Bibliography Historical Background To appreciate the diversity of ideas and experiences that have shaped our history, we need to be sensitive to the complexities and varieties of cultural documentation, to the enormous possibilities these documents afford us to get at the interior of American lives, to get at peoples long excluded from the American experience, many of them losers in their own time, outlaws, rebels who - individually or collectively - tried to flesh out and give meaning to abstract notions of liberty, equality and freedom. The term "American roots music" may not be a familiar one, and requires some explanation. At the beginning of the 20th Century, the term "folk music" was used by scholars to describe music made by whites of European ancestry, often in the relatively isolated rural South. As the century progressed, the definition of folk music expanded to include the song styles - particularly the blues - of Southern blacks as well.
With the Great Migration of black workers that began around that time the Blues spread around the south and the rest of the United States. The Blues was performed in a variety of settings and styles: Ballads would be played, as well as ragtime, Gospel songs, and folk tunes.
From the Atlantic coast all the way down to the Gulf-and across time-the melancholy flatted notes of the Blues reached many. When a show reached a town or city, they would perform in the theatres, but always to segregated audiences.
Wandering Songsters These traveling musicians would do anything to get around and make their shows, whether it was hitching train rides or playing on sidewalks when the clubs and juke-joints were too full.
They also played at brothels and drinking halls and sport lounges; when workers got paid they would be there to congratulate and entertain them. Pianists playing in these establishments adapted the Blues to the wild atmosphere of these places, further popularizing the genre.
It was a great outlet for the plantation and factory workers around the United States, who endured many hardships daily. He was raised in a strict household that forbade musical instruments, but he secretly bought a guitar and spent hours practicing the trumpet in his first band. While waiting for a delayed train on tour he heard a man singing and playing guitar nearby.
The man was pressing the blade of his knife on the strings, producing sliding chromatic notes along a three chord progression; the singing proved just as interesting, as he turned a boring wait into a captivating musical journey.
The vocal part consisted of four bars that were repeated, answered by a third line. The result of this discovery would grow into the Blues as we know it today. Following that he established a music publishing house in New York City, as well as continuing his work as a bandleader.
Rainey was born Gertrude Pridgett in in Columbus, Georgia. Things changed after a show in Clarksdale when Gertrude heard a young woman singing a moving song about-you guessed it-lost love. Handy before her Gertrude had the brain for music and quickly memorized it, using it as the closing number in her act with much success.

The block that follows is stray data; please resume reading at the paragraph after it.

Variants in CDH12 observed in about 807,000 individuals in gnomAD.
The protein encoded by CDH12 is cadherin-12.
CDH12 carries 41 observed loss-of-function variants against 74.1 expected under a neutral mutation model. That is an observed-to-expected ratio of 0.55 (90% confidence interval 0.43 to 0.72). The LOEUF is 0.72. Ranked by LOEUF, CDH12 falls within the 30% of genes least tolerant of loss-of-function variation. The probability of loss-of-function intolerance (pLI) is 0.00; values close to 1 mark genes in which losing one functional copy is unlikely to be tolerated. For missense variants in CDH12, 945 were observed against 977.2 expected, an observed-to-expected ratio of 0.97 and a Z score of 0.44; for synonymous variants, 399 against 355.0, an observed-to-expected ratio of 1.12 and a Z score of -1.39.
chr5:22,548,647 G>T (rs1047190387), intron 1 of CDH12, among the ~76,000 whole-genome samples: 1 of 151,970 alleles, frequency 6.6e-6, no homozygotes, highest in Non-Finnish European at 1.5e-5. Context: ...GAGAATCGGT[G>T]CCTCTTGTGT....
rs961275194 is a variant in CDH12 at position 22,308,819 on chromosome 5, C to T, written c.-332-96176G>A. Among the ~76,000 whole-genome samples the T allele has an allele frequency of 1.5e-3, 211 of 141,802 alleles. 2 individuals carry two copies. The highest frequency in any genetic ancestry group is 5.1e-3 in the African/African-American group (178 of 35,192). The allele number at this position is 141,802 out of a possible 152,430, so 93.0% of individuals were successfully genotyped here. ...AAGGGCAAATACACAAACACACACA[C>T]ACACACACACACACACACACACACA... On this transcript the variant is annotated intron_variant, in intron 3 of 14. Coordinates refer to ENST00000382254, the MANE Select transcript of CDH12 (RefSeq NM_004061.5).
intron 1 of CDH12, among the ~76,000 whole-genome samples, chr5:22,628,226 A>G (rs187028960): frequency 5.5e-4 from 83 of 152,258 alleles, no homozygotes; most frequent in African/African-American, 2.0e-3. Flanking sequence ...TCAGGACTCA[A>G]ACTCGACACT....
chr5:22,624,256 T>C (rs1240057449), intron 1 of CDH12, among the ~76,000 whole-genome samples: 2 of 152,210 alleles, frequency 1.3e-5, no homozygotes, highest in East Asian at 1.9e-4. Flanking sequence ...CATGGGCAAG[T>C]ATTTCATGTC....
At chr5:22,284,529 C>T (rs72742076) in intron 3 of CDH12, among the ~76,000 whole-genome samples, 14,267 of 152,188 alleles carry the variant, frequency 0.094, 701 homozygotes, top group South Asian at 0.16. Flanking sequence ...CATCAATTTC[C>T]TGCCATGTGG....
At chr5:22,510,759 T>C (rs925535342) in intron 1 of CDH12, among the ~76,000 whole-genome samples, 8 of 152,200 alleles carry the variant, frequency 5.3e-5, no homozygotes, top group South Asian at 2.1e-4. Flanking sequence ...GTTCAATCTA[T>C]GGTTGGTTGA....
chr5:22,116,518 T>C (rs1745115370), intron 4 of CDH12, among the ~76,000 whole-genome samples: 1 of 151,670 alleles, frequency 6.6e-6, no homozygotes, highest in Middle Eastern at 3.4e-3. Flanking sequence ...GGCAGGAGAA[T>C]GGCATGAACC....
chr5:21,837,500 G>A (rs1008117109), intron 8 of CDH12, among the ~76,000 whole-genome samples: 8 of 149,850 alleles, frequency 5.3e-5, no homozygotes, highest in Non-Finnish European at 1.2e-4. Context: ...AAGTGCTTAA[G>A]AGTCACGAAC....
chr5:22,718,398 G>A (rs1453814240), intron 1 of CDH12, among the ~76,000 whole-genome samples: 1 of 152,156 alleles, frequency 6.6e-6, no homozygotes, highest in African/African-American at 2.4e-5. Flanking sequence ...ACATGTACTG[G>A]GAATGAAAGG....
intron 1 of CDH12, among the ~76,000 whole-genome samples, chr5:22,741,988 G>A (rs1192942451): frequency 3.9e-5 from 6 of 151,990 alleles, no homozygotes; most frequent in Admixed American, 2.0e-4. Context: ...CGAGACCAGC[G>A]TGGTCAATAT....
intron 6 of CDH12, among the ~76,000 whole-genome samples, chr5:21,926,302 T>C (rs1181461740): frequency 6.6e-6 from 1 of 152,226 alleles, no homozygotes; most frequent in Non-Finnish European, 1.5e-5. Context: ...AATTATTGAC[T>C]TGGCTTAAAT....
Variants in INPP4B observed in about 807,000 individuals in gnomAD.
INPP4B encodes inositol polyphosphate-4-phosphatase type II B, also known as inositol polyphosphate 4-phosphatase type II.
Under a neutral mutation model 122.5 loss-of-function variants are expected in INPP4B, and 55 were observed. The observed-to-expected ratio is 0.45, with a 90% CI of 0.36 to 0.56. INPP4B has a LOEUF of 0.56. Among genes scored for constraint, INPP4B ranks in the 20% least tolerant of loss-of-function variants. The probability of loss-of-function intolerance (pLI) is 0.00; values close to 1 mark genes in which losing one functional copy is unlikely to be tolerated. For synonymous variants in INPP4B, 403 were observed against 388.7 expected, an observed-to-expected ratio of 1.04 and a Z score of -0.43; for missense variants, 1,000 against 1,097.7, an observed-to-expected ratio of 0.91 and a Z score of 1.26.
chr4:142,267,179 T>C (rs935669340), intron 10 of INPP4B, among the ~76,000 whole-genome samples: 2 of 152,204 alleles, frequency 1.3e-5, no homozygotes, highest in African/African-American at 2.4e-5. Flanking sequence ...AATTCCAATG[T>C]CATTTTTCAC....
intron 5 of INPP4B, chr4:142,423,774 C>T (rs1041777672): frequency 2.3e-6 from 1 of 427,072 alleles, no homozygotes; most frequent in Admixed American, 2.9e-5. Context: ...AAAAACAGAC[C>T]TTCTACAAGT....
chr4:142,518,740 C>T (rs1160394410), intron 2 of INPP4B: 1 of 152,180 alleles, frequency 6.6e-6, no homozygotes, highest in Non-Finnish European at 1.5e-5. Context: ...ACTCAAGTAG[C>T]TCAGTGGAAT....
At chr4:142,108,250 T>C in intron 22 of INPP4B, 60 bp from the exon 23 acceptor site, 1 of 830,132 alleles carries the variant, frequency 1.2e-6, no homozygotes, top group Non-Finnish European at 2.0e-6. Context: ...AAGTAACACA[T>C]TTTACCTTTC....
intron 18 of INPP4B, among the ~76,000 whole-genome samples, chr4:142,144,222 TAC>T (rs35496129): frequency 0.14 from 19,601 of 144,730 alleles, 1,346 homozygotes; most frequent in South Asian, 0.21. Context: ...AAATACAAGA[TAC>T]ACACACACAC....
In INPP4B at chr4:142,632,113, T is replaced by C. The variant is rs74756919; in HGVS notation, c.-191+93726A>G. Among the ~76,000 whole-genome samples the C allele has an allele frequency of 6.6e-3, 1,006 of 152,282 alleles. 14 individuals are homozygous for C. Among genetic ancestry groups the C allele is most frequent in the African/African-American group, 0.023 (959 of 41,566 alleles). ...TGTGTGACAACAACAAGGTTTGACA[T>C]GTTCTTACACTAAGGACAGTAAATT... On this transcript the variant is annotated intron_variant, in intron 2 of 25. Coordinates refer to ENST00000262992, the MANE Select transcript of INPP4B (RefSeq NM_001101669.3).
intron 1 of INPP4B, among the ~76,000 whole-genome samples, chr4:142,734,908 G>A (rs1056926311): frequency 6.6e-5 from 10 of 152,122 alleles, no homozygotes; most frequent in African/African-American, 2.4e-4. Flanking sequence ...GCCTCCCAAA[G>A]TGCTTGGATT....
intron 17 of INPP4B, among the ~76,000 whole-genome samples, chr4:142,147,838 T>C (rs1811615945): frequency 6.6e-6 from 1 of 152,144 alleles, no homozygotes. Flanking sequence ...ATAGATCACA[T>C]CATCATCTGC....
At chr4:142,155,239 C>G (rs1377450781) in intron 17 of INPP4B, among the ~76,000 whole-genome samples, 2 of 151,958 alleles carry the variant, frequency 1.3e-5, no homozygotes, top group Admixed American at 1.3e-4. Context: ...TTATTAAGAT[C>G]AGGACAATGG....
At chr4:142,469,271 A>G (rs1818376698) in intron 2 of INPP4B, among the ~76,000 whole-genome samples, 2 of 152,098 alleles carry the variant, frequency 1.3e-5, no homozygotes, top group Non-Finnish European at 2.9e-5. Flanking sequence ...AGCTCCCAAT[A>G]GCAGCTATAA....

Her career is proof that hard work pays off: Located in the heart of the Delta, Clarksdale has been dubbed the birthplace the Blues, with the exact spot attributed to the Dockery Plantation.
Many sharecropping families and field workers occupied this space, including one Henry Sloan. Not much is known about Sloan, besides that he was born around and that he was a popular singer and guitarist by the s.
It was said that he boarded a train for Chicago in and simply vanished after that.
It could be that it was Henry Sloan that W. Handy heard on that fateful day, adding even more mystery to his character, and solidifying his influence on the Blues. Regardless of the rumours his influence is far-reaching: There was a silver lining to this:The Blues Connection by Various Artists - CD () for $ from regardbouddhiste.com Blues - Order by Phone Price: $ The origins of blues is not unlike the origins of life.
For many years it was recorded only by memory, and relayed only live, and in person. The Blues were born in the .
To appreciate the diversity of ideas and experiences that have shaped our history, we need to be sensitive to the complexities and varieties of cultural documentation, to. The history of the blues and the origin of the blues is really an evolution of the blues from the unaccompanied vocal music and oral traditions of African-American slaves and rural blacks into a wide variety of styles and subgenres, with regional variations .
Ralph Peer, the famous Artist & Repertory man for Okeh and Victor Records, makes his first field recordings in Atlanta, Georgia, marking the recording debut of both the folk blues and what will later be called country music.
Blues vs Jazz comparison. An an inside joke in the jazz & blues circles goes, 'A blues guitarist plays 3 chords in front of thousands of people, and a jazz guitarist plays thousands of chords in front of 3 people.' The main focus of jazz music is the dynamics and improvisation.